Kyrsoibor Pyrtuh, the independent candidate for North Shillong and pastor turned activist, is not afraid of taking unpopular stands if the issue is a matter of principle for him.
Pyrtuh is one of a trio of candidates running in the February 27 election under the KAM Meghalaya banner, though the three are also officially independents as KAM is not a registered political party.
Today, while unveiling the ‘People’s Action Plan for North Shillong and Solutions for Meghalaya’, Pyrtuh said that “Punjabi Line is not merely an election issue but a humanitarian issue for me.”
Punjabi Line is also known as Sweepers’ Colony and Them Ïewmawlong and is largely occupied by Dalit Sikhs, whose ancestors were brought here to work as manual scavengers. Their descendants from the 19th century continue to work for the Shillong Municipal Board. It was in 2018 that an altercation between residents and a tribal bus driver and conductor sparked a riot that resulted in meetings at the highest level of government about how to relocate the residents of the area.
Speaking to a few reporters, Pyrtuh said, “My stand is the same since we put out suggestions to the high-level committee, which was constituted in 2018. From Thma U Rangli-Juki (TUR), we submitted a memorandum that suggested that we also want to solve this problem. One is how to re-develop that area, and also to solve daily issues like petty crimes or big crimes that also happen sometimes.”
TUR suspected that the area, which is near the commercial centres of Ïewduh and Khyndailad, was coveted by “certain business interests”. The Sikhs there “are seen as socially marginalized and are one of the weakest sections of society when they were brought to Shillong,” TUR said in 2021. “And even now, they are seen as a group who are poor, backward, ostracized and powerless to do anything and therefore easy to relocate without their voices being heard.”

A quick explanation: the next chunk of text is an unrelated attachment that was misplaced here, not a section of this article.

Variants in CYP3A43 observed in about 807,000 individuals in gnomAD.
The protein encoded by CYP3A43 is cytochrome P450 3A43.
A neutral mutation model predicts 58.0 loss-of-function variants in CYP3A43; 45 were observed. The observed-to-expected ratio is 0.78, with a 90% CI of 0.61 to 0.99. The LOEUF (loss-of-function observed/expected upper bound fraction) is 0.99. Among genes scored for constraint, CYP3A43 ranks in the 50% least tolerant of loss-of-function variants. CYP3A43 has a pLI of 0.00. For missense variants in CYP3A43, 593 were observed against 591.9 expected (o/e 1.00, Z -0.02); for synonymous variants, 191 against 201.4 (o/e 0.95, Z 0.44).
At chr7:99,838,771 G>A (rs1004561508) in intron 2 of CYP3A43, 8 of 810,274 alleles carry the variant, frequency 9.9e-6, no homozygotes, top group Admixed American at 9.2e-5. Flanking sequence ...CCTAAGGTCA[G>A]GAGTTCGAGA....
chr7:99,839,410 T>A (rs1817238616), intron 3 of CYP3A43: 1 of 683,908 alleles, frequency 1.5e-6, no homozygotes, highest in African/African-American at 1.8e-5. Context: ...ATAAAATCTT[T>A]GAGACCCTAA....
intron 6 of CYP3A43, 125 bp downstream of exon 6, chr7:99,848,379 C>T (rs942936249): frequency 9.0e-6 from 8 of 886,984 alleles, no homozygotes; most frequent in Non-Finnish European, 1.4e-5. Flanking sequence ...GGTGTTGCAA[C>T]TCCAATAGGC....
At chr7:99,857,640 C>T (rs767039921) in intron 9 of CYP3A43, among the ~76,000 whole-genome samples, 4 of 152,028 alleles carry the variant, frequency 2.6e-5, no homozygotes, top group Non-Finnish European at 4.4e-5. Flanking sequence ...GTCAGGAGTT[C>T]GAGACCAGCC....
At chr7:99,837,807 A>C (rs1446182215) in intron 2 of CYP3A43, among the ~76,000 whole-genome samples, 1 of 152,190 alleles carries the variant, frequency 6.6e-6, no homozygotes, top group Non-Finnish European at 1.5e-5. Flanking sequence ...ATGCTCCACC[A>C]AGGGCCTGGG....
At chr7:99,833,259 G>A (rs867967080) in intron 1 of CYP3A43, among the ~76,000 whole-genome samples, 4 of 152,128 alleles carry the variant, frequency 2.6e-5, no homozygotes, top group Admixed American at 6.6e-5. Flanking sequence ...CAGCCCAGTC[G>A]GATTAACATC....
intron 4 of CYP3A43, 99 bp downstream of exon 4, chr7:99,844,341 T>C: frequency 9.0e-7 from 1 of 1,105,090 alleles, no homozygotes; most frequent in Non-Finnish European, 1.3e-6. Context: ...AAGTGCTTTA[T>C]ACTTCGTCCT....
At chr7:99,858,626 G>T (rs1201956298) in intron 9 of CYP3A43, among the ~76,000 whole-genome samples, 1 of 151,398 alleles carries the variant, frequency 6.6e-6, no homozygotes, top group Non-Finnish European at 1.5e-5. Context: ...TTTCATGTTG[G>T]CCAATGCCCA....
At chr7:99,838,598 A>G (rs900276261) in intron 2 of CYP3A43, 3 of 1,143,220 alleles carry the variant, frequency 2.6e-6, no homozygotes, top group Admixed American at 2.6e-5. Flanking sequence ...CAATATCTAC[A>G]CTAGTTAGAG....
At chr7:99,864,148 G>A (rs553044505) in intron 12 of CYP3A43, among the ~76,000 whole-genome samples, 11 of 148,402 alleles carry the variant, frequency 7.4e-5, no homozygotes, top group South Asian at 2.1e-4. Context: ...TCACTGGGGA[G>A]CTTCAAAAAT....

If he is elected, Pyrtuh said that he will spend up to six months looking into the area and how to redevelop it.
Careful not to alienate the tribal voters of North Shillong, he also said, however, that there have been cases of crimes being committed on people who simply pass through Them Ïewmawlong.
“These are serious issues but it was shocking to know that the Cantonment police station is just 100 or 200 metres away and those crimes could not be solved,” Pyrtuh added.
Meanwhile Pyrtuh said that the manifesto also focuses on a clear action plan for North Shillong and legislative solutions for Meghalaya.
It contains ethical commitments and action plans for the first 100 days as a legislator. He promised that he will disclose all information around the usage of MLA funds and other initiatives and he committed to be on the minimum wage of a labourer until welfare boards are set up for domestic workers, gig employees and platform workers (Rapido riders, Swiggy and Amazon delivery persons, etc).
Pyrtuh also promised to use government health facilities and never to use one of those hated red beacons.
The ‘People’s Action Plan’ laid out 50 projects, ranging from improving the quality of and accessibility of civic infrastructure, safety and security for all, rights of women and elderly, education, health and employment. Some of these plans include a participatory survey and budgetary exercise to determine where Rs 2.5 crore in MLA grants should be spent.
On the state front, he said he will work towards grievance redressal, accountability and transparency, fairness in awarding government contracts, social security and public transport.
On illegal coal mining, he reminded that when a citizens’ report on coal mining was prepared in 2019, it was astonishing to discover that Rs 1,000 crore of revenue was lost by the state exchequer because of illegal transportation of coal.
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